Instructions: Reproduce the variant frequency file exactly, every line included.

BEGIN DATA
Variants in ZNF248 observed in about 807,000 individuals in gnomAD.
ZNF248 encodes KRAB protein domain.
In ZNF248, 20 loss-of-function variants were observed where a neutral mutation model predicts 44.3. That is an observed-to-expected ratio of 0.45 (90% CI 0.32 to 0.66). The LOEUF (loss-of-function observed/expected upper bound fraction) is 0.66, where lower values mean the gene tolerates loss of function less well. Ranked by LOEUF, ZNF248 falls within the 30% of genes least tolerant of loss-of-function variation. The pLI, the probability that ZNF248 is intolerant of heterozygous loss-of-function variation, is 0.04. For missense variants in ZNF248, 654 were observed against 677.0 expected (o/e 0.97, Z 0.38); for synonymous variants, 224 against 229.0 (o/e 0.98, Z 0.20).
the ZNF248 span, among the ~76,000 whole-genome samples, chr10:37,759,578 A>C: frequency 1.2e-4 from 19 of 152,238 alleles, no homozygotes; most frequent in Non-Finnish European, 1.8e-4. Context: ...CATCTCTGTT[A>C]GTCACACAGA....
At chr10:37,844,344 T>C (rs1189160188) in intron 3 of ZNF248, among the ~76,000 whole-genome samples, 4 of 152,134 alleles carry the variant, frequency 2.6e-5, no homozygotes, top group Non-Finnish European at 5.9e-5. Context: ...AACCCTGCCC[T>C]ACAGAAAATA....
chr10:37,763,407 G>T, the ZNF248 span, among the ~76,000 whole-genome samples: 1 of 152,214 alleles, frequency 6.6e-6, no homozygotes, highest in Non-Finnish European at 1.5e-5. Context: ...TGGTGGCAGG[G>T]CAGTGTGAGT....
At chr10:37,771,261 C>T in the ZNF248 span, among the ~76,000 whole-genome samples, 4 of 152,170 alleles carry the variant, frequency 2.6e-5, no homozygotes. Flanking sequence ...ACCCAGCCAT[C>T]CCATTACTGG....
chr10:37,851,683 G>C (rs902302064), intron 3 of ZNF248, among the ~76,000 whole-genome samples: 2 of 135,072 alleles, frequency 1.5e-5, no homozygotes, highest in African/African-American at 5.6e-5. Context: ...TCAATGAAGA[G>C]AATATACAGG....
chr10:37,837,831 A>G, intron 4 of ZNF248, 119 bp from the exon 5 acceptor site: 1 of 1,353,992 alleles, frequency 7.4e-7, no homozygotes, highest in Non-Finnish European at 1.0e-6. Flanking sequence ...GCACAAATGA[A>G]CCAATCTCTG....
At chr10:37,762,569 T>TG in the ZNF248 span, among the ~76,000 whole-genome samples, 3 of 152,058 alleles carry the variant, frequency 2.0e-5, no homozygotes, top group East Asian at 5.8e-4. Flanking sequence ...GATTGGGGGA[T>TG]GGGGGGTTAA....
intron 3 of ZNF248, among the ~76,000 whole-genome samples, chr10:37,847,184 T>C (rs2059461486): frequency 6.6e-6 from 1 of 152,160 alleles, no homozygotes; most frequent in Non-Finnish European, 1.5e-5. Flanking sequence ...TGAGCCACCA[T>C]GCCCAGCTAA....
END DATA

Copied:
Variants in ZNF248 observed in about 807,000 individuals in gnomAD.
ZNF248 encodes KRAB protein domain.
In ZNF248, 20 loss-of-function variants were observed where a neutral mutation model predicts 44.3. That is an observed-to-expected ratio of 0.45 (90% CI 0.32 to 0.66). The LOEUF (loss-of-function observed/expected upper bound fraction) is 0.66, where lower values mean the gene tolerates loss of function less well. Ranked by LOEUF, ZNF248 falls within the 30% of genes least tolerant of loss-of-function variation. The pLI, the probability that ZNF248 is intolerant of heterozygous loss-of-function variation, is 0.04. For missense variants in ZNF248, 654 were observed against 677.0 expected (o/e 0.97, Z 0.38); for synonymous variants, 224 against 229.0 (o/e 0.98, Z 0.20).
the ZNF248 span, among the ~76,000 whole-genome samples, chr10:37,759,578 A>C: frequency 1.2e-4 from 19 of 152,238 alleles, no homozygotes; most frequent in Non-Finnish European, 1.8e-4. Context: ...CATCTCTGTT[A>C]GTCACACAGA....
At chr10:37,844,344 T>C (rs1189160188) in intron 3 of ZNF248, among the ~76,000 whole-genome samples, 4 of 152,134 alleles carry the variant, frequency 2.6e-5, no homozygotes, top group Non-Finnish European at 5.9e-5. Context: ...AACCCTGCCC[T>C]ACAGAAAATA....
chr10:37,763,407 G>T, the ZNF248 span, among the ~76,000 whole-genome samples: 1 of 152,214 alleles, frequency 6.6e-6, no homozygotes, highest in Non-Finnish European at 1.5e-5. Context: ...TGGTGGCAGG[G>T]CAGTGTGAGT....
At chr10:37,771,261 C>T in the ZNF248 span, among the ~76,000 whole-genome samples, 4 of 152,170 alleles carry the variant, frequency 2.6e-5, no homozygotes. Flanking sequence ...ACCCAGCCAT[C>T]CCATTACTGG....
chr10:37,851,683 G>C (rs902302064), intron 3 of ZNF248, among the ~76,000 whole-genome samples: 2 of 135,072 alleles, frequency 1.5e-5, no homozygotes, highest in African/African-American at 5.6e-5. Context: ...TCAATGAAGA[G>C]AATATACAGG....
chr10:37,837,831 A>G, intron 4 of ZNF248, 119 bp from the exon 5 acceptor site: 1 of 1,353,992 alleles, frequency 7.4e-7, no homozygotes, highest in Non-Finnish European at 1.0e-6. Flanking sequence ...GCACAAATGA[A>G]CCAATCTCTG....
At chr10:37,762,569 T>TG in the ZNF248 span, among the ~76,000 whole-genome samples, 3 of 152,058 alleles carry the variant, frequency 2.0e-5, no homozygotes, top group East Asian at 5.8e-4. Flanking sequence ...GATTGGGGGA[T>TG]GGGGGGTTAA....
intron 3 of ZNF248, among the ~76,000 whole-genome samples, chr10:37,847,184 T>C (rs2059461486): frequency 6.6e-6 from 1 of 152,160 alleles, no homozygotes; most frequent in Non-Finnish European, 1.5e-5. Flanking sequence ...TGAGCCACCA[T>C]GCCCAGCTAA....